Where they are completing flood defences that were started in the aftermath of floods decades ago and are now wondering how well these defences will stand up to global warming. As a result of this wondering they have started adopting the sort of managed flooding that has also been taken up in the UK.
In the UK some harbours have been filled in or partly filled in. However, this only buys a few years and so isn't a solution.
--
David Hansen, Edinburgh
I will *always* explain revoked encryption keys, unless RIP prevents me
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Perhaps Codswallop could bury his own waste in his garden, then he wouldn't feel bad about supporting a useless system.
As for the OP , not all pv is useless even in England. We keep our caravan leisure battery topped up with a small pv panel which cost 10, it's been well worth having.
And I'll bang on about our solar water heater again: we've had no obvious sun for days, it's been close to freezing at night and we've had a lot of rain. The water in the cylinder this morning, even though water has been drawn off during those days, was 30C. That's a tankful which didn't need heating for the first 30C for me to have a bath.
There's a move to make things better, it's slow but it's working.
The first i.c.e. vehicles were noisy, smelly, thirsty and uncomfortable and seen by some asa toys for the rich. Improvements happened, they will with green technology too.
Mary>

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That's the sort of thing that gives the green movement a bad name.
You're not gaining a whole 30 degrees, nor anything like that. The water that comes from your supply (whether it's from your own well or a mains supply) is almost certainly well above zero degrees. It's most likely in the 10 to 20 degrees range I would think here in the UK.
--
Chris Green

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"Mary Fisher" wrote:

I don't know what prompted such a nasty response. I didn't write anything to offend you.
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That wasn't nasty!
Mary

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Mary Fisher wrote:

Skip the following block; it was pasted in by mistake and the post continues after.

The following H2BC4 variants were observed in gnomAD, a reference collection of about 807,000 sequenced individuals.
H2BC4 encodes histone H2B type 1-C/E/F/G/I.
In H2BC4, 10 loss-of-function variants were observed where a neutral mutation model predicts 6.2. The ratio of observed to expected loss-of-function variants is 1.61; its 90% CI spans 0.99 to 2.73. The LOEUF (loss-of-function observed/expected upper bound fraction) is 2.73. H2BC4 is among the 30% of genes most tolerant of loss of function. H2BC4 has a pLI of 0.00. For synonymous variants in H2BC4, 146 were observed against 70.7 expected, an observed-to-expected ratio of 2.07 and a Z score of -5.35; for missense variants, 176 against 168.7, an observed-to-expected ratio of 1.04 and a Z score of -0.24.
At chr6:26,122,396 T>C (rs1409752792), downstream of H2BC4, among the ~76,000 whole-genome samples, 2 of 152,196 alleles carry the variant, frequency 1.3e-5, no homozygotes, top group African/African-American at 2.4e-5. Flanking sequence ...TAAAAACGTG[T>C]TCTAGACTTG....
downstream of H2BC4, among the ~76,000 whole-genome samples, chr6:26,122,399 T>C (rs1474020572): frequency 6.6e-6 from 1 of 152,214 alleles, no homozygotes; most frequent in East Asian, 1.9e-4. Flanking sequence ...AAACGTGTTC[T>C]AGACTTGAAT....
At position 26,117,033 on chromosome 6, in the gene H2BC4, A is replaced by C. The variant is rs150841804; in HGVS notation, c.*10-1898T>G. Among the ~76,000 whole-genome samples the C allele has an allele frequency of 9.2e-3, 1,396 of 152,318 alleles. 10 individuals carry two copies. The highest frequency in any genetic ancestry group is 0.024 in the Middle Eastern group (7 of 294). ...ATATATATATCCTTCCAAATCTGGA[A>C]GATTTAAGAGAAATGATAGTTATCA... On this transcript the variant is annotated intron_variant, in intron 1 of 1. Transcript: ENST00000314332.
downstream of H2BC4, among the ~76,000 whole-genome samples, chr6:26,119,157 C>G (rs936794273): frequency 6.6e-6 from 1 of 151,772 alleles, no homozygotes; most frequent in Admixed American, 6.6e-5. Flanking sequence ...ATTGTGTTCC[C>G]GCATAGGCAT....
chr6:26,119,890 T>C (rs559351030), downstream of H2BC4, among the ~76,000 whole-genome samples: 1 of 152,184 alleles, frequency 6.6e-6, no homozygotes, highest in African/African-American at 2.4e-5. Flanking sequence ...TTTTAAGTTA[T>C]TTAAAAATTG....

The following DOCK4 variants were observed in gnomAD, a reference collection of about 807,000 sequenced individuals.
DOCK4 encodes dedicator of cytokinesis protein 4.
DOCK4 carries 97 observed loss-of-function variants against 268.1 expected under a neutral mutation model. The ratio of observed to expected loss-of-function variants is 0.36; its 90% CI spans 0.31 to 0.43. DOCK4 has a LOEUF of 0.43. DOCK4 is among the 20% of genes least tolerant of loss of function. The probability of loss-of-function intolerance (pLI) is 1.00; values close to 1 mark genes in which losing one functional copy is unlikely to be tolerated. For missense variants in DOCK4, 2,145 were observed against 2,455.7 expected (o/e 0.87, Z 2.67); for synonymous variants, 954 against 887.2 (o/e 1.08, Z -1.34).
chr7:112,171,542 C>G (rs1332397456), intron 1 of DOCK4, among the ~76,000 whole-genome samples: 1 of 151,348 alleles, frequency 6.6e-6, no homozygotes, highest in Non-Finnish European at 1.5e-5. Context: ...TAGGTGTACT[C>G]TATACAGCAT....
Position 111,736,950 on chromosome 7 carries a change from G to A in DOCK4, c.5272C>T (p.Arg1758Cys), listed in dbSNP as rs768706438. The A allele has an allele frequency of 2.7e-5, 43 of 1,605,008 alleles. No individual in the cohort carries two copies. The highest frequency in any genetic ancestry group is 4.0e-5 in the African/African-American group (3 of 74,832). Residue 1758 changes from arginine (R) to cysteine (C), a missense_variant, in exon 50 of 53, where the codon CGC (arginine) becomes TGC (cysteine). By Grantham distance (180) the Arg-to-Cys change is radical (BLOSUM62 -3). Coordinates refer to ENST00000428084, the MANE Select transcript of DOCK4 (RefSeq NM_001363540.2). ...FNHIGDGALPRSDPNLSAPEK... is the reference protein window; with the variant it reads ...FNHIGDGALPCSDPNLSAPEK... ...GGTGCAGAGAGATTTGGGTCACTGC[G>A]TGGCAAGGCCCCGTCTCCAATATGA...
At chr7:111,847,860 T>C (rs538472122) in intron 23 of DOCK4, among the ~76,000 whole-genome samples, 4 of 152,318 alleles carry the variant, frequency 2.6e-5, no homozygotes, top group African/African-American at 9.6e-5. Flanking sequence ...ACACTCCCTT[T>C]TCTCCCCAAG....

If you do the calculations on hot water usage, its frankly peanuts.
When I kill our oil fired aga in the summer, our oil consumption is frankly not measurable over the whole summer, just heating the water.
The aga itself makes it measurable, but its in winter when the heating is on that we really burn the oil.

The answer to green issues is not really technology, its lifestyle.
To use less fuel the answer is simple. Use less fuel.

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nightjar <nightjar@ wrote:

And yet the east coast is falling into the sea because of lack of material to pile into landfill.

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I think the word you missed out in front of material is 'suitable'. Domestic rubbish is not a particularly useful landfill material to stop erosion.
Colin Bignell
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nightjar wrote:

Big piles of rubble is, and thats not in short supply, and currently gets landfilled.
Now, why pile the rubble against the shore when it can be piled up 10/50/100 yards out, and the area infilled with garbage. The garbage is topped with something heavier to prevent plastic film floating about, perhaps a layer of smaller sieved rubble. Decay may reduce the garbage level, possibly permitting another round of dumping, and the decayed soil will help stick everything together. Sow seed of saltwater tolerant species and the roots lock it all together, and you have the beginning of permanent new land. In time it would become stable secure farming land. This would make it possible to build right up to what is now the edge of the land.
Instead of all those landfills costing money in land value, no land is used, and land is gained at the end.
NT
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I sugest you look out of the train windows the next time your St.Pancras to Sheffield Midland Mainline is passing through Stuartby in North Beds. You can tell where you are because of the brick kiln chimneys, the awful smell emitted therefrom and ... the *huge* holes in the ground where the brick clay used to be before it became Wimpey housing estates.
--
"Other people are not your property."
[email me at huge [at] huge [dot] org [dot] uk]
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My house 150 miles north was built of LBC "Heather" bricks.
I used to comfort myself in the thought that I could see the chimneys of the brick kilns from the M1. They seem to have gone now.
The "running out of landfill" tosh is a load of rubbish. *Huge* slag hills have been moved, landscaped, and redeveloped all over the North of England.
Landfilling of quarries and opencast mines could provide plenty of landfill, trouble is sometimes there are more lucrative options, such as creating leisure facilities such as caravan sites around an artificial lake.
The government (EU ?) doesn't let the market find it's own level, it just taxes landfill.
DG